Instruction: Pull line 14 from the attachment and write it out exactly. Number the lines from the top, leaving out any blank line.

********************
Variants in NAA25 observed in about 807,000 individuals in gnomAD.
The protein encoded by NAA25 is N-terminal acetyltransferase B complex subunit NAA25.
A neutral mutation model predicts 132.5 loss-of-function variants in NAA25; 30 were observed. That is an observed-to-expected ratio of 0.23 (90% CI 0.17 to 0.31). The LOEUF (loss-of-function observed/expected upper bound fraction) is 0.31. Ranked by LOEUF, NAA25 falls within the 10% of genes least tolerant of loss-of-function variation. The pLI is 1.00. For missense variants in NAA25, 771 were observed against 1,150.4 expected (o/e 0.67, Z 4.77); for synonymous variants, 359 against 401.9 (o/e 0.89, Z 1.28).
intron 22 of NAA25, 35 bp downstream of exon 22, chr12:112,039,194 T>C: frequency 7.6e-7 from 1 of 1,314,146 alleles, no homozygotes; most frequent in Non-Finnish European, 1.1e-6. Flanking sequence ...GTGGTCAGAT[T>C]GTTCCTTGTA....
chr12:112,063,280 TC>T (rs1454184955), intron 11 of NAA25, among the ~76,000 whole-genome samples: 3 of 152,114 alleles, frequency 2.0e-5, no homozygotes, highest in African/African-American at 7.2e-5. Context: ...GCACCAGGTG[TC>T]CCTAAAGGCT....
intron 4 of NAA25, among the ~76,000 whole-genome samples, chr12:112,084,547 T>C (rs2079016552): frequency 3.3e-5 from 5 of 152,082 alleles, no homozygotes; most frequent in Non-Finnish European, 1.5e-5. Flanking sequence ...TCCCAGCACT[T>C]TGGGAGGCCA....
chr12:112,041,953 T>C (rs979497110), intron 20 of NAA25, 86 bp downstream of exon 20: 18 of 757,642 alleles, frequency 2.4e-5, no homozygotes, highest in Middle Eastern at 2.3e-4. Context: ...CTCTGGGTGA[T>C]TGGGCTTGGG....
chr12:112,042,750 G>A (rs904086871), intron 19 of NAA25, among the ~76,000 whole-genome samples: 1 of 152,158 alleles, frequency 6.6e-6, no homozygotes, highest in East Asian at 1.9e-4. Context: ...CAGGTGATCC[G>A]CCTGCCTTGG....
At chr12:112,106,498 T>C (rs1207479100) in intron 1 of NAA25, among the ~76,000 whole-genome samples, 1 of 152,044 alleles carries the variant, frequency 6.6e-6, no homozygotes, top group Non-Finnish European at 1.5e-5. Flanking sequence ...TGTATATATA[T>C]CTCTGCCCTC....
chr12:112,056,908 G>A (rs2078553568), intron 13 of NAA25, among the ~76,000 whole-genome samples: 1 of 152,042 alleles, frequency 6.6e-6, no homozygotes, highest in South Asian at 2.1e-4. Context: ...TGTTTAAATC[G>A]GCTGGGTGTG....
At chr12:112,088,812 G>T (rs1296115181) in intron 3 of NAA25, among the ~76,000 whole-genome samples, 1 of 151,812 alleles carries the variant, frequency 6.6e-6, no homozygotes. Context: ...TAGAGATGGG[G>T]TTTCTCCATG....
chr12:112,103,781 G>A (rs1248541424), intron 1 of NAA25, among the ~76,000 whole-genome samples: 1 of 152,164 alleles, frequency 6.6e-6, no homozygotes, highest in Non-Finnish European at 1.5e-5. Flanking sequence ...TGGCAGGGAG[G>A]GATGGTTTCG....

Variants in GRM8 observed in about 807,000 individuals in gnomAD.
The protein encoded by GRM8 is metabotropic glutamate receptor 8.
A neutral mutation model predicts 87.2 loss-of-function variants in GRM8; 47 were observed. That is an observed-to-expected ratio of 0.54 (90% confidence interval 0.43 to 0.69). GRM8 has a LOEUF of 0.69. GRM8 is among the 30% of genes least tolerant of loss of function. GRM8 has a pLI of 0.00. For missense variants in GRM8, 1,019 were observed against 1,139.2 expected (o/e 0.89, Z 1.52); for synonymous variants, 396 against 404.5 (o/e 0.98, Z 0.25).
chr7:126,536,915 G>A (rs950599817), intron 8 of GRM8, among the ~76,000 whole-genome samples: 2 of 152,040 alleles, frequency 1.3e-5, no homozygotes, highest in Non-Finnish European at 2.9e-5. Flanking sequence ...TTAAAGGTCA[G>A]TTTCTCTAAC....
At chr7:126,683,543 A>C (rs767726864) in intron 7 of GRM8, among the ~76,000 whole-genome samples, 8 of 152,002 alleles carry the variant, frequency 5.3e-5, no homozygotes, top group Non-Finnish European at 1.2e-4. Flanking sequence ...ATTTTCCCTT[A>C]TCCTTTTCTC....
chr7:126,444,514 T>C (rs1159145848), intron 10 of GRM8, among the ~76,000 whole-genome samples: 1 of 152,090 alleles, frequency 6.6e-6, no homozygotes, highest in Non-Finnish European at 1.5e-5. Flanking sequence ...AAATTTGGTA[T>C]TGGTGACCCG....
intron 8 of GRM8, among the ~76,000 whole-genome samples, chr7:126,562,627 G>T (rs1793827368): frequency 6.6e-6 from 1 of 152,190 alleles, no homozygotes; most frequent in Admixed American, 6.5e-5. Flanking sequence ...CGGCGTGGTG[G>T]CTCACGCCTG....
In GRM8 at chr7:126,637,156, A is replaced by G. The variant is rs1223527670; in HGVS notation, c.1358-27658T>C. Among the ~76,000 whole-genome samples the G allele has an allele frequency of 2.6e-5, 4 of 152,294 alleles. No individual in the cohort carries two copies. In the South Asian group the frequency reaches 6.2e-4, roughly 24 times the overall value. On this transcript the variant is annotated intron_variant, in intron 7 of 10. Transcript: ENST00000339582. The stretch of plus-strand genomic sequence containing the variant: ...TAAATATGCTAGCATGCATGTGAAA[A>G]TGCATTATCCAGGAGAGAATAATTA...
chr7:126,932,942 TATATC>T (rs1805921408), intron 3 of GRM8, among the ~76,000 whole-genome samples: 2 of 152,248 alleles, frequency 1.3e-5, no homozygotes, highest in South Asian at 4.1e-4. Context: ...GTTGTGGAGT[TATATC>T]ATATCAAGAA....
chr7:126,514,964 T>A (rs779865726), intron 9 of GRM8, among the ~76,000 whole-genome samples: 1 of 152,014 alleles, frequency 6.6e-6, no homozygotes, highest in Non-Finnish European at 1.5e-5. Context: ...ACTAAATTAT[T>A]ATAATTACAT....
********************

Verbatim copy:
The protein encoded by GRM8 is metabotropic glutamate receptor 8.